A theory of sortition, part 1 of 2


In his Introduction to A Citizen Legislature by Ernest Callenbach and Michael Phillips, Peter Stone commends the authors for doing “an excellent job of presenting the idea of a representative House — a House that will truly be “of the people” — as an inspiring piece of democratic reform.” On the other hand, such inspiring presentation does not meet the philosopher’s standard of a good argument: “Their [C&P’s] efforts to defend their proposal, however, have a number of shortcomings.”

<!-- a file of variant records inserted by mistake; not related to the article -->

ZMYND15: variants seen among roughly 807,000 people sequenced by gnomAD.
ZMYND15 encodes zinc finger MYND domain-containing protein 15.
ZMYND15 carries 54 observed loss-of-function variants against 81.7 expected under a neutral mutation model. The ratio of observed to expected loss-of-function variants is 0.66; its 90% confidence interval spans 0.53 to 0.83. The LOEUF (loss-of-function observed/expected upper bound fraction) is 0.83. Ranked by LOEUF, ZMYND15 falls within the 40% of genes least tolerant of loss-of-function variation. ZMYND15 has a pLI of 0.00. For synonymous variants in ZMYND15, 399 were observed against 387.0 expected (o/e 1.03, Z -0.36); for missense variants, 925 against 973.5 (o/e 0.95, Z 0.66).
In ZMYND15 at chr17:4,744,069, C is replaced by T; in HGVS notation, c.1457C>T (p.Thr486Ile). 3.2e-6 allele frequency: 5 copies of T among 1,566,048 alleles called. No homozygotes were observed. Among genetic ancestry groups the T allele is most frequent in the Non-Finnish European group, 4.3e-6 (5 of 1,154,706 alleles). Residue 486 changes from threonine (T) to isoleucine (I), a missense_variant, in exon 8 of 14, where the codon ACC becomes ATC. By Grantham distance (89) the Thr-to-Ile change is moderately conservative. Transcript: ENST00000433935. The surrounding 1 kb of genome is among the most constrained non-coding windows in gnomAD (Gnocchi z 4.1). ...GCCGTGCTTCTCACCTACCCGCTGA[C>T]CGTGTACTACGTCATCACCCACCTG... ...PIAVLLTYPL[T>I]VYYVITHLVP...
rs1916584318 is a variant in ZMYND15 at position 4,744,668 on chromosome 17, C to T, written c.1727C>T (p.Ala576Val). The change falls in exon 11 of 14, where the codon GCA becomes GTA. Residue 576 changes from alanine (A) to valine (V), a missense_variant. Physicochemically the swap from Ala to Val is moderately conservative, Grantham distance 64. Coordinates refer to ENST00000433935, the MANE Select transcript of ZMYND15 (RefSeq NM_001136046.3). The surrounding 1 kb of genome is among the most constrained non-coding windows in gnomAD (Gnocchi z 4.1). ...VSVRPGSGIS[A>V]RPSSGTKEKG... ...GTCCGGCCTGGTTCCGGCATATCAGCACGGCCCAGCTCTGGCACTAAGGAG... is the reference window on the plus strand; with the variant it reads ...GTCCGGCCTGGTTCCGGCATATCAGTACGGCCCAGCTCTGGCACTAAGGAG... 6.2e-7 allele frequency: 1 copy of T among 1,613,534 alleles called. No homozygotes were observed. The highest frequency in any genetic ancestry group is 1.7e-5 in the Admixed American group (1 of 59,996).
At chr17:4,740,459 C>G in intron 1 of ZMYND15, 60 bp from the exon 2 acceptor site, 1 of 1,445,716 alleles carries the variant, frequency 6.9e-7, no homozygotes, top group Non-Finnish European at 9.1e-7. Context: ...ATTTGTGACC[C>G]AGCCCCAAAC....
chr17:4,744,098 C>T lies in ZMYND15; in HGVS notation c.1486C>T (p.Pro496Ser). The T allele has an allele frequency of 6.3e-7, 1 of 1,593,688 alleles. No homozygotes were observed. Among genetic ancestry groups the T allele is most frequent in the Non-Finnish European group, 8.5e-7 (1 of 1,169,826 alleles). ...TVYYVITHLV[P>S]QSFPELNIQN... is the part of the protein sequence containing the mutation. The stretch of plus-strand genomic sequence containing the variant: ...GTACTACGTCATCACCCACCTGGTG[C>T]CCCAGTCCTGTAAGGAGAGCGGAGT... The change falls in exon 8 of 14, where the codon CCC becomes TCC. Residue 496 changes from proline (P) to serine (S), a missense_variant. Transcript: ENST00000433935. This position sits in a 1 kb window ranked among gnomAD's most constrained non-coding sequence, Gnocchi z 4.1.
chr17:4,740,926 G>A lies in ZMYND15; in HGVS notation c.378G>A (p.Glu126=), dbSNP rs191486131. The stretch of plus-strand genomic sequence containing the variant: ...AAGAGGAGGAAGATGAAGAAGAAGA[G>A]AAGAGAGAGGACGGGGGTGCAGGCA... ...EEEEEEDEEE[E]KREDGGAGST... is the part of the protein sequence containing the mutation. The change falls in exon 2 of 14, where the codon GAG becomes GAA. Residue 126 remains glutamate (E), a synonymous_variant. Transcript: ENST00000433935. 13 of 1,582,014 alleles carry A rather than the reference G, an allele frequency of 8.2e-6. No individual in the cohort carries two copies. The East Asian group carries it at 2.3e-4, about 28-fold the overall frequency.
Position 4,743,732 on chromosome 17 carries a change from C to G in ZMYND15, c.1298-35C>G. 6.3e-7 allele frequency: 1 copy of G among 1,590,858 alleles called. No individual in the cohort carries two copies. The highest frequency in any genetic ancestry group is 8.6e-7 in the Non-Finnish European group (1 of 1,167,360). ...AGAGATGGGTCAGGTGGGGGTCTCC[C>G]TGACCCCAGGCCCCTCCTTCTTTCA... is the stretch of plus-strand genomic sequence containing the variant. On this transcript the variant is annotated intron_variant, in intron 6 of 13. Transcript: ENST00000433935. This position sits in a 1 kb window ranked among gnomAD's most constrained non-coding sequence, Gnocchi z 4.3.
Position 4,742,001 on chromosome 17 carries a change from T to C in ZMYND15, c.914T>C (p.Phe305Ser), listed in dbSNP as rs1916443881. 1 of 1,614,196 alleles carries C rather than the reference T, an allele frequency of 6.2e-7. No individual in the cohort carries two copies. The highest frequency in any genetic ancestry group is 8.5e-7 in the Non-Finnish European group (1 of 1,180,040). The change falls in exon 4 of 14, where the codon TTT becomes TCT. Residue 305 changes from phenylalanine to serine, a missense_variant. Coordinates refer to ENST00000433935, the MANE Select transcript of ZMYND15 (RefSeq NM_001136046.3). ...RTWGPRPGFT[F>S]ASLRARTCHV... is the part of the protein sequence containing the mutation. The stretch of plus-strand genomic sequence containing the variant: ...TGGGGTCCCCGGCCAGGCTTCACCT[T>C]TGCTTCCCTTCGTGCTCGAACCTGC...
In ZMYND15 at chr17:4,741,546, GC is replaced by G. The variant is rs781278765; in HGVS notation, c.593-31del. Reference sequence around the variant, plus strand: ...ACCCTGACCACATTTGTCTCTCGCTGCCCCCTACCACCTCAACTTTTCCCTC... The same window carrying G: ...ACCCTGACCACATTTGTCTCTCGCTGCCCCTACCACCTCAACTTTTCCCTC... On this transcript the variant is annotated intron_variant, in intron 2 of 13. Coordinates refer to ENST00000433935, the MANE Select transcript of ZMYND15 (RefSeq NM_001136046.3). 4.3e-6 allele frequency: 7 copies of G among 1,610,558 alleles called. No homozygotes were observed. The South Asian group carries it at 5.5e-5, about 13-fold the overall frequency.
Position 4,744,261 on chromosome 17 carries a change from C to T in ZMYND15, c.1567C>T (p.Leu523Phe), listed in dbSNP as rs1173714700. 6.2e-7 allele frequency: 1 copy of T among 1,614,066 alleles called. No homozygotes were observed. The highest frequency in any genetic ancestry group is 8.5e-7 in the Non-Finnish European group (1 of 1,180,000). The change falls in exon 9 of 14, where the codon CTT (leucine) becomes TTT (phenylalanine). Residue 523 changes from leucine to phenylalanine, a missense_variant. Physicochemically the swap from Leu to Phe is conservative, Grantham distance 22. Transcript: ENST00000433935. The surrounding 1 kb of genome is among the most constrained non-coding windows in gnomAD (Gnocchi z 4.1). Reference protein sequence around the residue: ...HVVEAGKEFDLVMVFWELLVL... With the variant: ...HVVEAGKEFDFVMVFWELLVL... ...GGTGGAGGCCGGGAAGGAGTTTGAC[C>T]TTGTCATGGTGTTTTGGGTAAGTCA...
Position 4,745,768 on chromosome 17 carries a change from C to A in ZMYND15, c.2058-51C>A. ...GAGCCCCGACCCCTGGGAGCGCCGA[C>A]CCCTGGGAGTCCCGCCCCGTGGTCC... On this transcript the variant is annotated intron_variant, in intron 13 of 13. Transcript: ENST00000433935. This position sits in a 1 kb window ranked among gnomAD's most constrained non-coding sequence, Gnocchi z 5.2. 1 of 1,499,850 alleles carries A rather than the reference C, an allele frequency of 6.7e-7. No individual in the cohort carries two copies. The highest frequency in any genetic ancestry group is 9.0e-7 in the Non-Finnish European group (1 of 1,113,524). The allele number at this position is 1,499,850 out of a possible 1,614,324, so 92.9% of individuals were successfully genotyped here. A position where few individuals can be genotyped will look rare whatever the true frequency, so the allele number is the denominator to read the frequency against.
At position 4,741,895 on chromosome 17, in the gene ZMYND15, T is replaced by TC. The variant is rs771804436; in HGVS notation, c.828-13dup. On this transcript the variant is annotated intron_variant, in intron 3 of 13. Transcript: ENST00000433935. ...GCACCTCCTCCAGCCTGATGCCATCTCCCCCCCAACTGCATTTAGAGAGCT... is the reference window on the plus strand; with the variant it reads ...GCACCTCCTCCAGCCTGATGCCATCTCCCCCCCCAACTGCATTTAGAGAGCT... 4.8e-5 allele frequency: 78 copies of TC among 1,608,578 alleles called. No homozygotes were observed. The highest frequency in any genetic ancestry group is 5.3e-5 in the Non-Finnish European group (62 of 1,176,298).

Stone rejects the implied argument that descriptive representation is a desirable end. Descriptive representation is a means, not an end, Stone argues: “descriptive representation is desirable because — and only to the extent that — it contributes to the goal of good lawmaking.” And while some may reject this point of view, and argue that the symbolism of microcosm is indeed an end in itself, I think that would be an evasion of the main point. The essential function of government is to generate good policy – i.e., policy that promotes the interests of the population – and, as Stone asserts, sortition is a useful tool if and only if it can be expected to produce a government that generates good policy. (By “interests” I mean to encompass whatever a person, or a group of people, perceive, upon informed and considered reflection, as important or desirable.)

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